• I wonder whether these studies are taking into account how determined the subjects are. For example, my father just threw out his cigarettes the day he was diagnosed TB. And never took on smoking again. And that was despite 30 years of smoking. On the other hand wards of university hospitals are full of smoking patients- they are smoking in the restrooms, under the signs that smoking is forbidden. Patients that are not allowed to leave territory of the hospital are begging others to buy them cigarettes….For example, once I overheard a discussion about a smoker who had been brought in with perforated peptic ulcer for 5th time during 3 years.
      So if you enroll subjects who really want to quit, subjects who are constantly told to quit and subjects who think if only there were some miracle cure ….. Or you can enroll only those who want to quit.
      And then there is environment. The only smoker in the family is likely to receive support, unlike the only quitter….

  • Totally agree – it is pure speculation. However the bit that you left out from the cochrane reviews conclusions is the part where it states that further investigation is justified due to EAP (and similar modalities) being so popular.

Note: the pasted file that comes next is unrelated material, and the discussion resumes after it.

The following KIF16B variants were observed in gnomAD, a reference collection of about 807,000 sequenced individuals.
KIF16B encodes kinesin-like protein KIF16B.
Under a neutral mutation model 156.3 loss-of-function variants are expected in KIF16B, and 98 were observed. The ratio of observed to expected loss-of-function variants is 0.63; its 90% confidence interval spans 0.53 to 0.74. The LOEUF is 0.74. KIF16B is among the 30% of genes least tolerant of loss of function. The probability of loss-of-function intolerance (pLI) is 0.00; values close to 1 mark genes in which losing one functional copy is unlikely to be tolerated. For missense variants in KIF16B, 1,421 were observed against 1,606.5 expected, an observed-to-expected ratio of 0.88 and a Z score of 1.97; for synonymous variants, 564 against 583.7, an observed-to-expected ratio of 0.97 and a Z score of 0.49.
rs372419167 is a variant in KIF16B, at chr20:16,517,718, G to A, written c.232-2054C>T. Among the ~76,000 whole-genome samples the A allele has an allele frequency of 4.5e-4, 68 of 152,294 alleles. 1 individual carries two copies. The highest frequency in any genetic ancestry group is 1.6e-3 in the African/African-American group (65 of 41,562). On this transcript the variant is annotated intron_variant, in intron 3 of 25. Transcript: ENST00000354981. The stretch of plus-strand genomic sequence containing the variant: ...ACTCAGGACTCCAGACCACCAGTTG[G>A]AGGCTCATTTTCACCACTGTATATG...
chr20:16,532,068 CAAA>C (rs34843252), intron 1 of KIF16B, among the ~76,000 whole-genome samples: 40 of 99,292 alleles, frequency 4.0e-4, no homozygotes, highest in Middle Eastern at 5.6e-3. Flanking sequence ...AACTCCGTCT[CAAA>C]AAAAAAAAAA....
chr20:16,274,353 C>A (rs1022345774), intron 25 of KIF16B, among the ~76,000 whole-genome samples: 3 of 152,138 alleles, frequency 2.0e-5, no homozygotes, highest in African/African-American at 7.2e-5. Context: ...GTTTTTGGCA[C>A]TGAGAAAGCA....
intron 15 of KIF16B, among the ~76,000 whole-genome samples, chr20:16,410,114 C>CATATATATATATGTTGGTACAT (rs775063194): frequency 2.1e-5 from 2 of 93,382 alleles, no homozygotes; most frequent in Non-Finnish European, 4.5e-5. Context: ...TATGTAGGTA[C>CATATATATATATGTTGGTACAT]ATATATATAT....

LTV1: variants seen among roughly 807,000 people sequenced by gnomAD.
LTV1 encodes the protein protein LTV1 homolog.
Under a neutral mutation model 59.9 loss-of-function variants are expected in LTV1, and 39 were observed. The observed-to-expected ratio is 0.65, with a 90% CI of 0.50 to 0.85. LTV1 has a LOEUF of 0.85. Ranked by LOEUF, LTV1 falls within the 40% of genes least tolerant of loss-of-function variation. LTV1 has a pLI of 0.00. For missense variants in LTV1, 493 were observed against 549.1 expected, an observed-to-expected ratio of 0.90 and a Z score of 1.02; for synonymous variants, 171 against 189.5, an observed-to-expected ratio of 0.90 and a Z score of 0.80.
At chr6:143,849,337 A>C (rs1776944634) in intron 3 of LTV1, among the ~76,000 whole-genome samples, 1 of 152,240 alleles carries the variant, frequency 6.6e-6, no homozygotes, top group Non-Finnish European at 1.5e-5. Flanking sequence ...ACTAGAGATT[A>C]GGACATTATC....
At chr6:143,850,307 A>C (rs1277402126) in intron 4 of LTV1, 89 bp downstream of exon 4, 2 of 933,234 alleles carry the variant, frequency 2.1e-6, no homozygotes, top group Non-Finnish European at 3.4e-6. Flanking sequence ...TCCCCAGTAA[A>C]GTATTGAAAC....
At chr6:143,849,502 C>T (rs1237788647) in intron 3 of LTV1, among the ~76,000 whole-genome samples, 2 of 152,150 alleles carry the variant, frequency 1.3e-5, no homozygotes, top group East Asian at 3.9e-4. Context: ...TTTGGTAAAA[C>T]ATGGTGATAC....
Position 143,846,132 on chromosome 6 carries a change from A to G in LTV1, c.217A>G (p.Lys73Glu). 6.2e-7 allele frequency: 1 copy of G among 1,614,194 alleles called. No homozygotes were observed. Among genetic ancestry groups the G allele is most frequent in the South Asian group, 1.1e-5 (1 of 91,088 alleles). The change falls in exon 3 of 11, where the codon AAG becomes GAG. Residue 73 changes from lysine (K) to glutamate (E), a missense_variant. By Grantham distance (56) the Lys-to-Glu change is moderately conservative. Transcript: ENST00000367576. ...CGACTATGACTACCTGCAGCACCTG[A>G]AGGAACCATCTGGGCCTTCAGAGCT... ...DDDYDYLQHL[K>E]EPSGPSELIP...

I wonder if the same trial were to be run again, but this time include an extra test group that allowed the practitioner to perform their full theatrical repertoire alongside the EAP treatments what the outcome would be?

    • almost every paper concludes that MORE RESEARCH NEEDS DOING… this is a rather irrelevant platitude which merits to be left out, I think. and if the trial were run again….who knows?

  • “telling their customers that it works (and earning good money when doing so)”

    Sounds like that goes for more than just TCM. Western medical practitioners are equally as guilty at promoting things that may or may not work while making money (even better money) in the process. Do you find that to be equally dishonest or is this just a biased review?